The Boys composer Christopher Lennertz has worked on a wide range of projects over the years, from Alvin and the Chipmunks to Agent Carter, but none of that prepared him for his most unusual request yet. During production of Eric Kripke’s superheroes-gone-bad series, he was asked to write a pop song.
It went well. And so on season three (the show’s most recent), Kripke took things one step further, creating the all-Supe teenage boy band Super-Sweet. The result? TV’s biggest viral banger of the year in ‘License to Drive (Me Crazy)’.
Sounding like every ’90s boyband but with a sinister edge, the nostalgic bop is a sugar-coated, satirical work of art. We sat down with Lennertz to get the full story.
It started with a request from showrunner Eric Kripke
The Boys has included original songs before – A-Train’s ‘Faster’ and Starlight’s ‘Never Truly Vanish’ were season two highlights – but for season three Kripke wanted to take things further. “[Kripke called me and said] ‘I’m hoping we do eight, we’ll see what happens’,” Lennertz tells NME via video chat. “Eric loves creating entire worlds, and I think he realised that it was another way to do that.”
Lennertz listened to boybands non-stop for a month
Everyone from NSYNC and Backstreet Boys to New Kids on the Block and Boyz II Men were research topics for the composer. He was determined to understand the universal beats his tunes needed to hit. “The key thing that both ‘…License to Drive’ and [another of season three’s new songs] ‘Rock My Kiss’ have is this slow, sexy bridge, which is a huge stereotype of [classic boyband] songs,” he says. “Every single song I listened to from all of those boybands, I kept hearing it. So I was like: “Well, it’s the rules. We have to do it.”
Super-Sweet have a secret backstory
Although we only get to know the unexpectedly down-to-earth lead singer Supersonic from Super-Sweet, Lennertz was given an entire backstory to help him develop their sound. “We envisioned four or five guys who are more about dancing and looking good than anything else,” he says. “Eric [Kripke] wanted them to be super overproduced – very slick and cheesy, you know.” Anyone for a spin-off?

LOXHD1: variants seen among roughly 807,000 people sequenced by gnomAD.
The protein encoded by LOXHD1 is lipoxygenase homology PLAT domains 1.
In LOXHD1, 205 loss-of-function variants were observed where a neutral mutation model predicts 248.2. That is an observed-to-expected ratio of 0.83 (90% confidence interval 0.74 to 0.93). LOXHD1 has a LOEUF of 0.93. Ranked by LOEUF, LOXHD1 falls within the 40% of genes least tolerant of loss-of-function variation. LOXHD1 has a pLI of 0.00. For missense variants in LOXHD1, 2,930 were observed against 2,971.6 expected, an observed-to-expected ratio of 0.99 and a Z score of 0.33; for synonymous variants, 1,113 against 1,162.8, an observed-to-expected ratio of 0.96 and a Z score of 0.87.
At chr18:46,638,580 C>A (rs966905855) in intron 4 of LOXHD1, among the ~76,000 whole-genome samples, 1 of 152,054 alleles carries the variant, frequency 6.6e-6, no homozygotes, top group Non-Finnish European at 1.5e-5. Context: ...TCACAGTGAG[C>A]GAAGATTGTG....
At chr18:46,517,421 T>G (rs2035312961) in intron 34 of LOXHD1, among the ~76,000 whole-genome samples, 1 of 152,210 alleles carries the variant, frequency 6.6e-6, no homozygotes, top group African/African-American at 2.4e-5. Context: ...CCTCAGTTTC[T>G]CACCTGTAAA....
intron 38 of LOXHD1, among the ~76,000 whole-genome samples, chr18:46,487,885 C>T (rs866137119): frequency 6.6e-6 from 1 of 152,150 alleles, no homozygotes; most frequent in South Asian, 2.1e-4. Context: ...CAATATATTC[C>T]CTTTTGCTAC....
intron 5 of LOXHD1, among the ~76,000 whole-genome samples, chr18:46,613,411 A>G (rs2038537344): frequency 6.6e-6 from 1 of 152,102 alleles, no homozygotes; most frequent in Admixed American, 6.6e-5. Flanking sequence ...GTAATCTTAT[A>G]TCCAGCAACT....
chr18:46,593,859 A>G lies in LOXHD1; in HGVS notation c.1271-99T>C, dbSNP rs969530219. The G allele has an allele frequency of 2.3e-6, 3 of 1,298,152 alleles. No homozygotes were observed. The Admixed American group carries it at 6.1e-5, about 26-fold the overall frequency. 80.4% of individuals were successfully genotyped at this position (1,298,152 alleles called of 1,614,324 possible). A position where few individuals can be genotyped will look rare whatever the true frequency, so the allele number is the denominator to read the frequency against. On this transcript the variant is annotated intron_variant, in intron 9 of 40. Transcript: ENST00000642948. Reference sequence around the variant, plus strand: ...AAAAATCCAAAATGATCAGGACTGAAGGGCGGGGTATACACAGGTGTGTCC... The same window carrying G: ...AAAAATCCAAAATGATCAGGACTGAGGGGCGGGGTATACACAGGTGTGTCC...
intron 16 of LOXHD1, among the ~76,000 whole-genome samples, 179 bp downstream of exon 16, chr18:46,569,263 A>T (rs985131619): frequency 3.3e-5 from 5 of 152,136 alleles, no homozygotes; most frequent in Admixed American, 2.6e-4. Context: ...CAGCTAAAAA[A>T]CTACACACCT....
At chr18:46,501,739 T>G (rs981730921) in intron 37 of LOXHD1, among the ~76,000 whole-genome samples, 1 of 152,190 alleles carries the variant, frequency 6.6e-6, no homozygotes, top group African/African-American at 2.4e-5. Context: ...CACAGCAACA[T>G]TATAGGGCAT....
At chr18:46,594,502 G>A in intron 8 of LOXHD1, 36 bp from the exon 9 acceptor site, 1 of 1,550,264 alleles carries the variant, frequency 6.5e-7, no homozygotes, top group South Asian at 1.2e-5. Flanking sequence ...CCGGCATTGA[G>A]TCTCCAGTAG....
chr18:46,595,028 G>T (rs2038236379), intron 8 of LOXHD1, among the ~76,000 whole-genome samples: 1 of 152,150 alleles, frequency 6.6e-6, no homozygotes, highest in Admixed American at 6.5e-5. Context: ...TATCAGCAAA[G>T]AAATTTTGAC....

No swearing was allowed
It was important for Lennertz to get the tone just right. For all the profanity in The Boys, it still had to sound authentic to something corporate overseers Vought would produce. “The songs couldn’t be explicitly vulgar because no boyband would ever do that,” says Lennertz. “What was important to Eric was that if people heard them outside of the show, they could be tricked into thinking: ‘You know what? Yeah, I think I remember that song. I loved that song when it came out!’”
The cast were into it
When they finally revealed the song to actor Miles Gaston Villanueva, who plays Supersonic and would have to sing it, he was exhilarated. “Oh my god, he laughed his ass off,” cackles Lennertz. “I told Miles, ‘close your eyes, you are not singing this in the studio. You are singing this at Madison Square Garden, surrounded by a bunch of screaming teenagers, who are literally ready to faint with tears coming out of their eyes. Sell it like that.’” He adds: “We needed to get that swagger that comes from being on stage. You don’t normally get that in a studio, especially if you’re not used to recording in [that situation].”
There’s more where that came from
Fans will be happy to learn that Lennertz is returning to compose Gen V, the teen drama spin-off from The Boys, which releases sometime in 2023. “I can’t tell you anything about it,” he says. “But I’m definitely doing it.”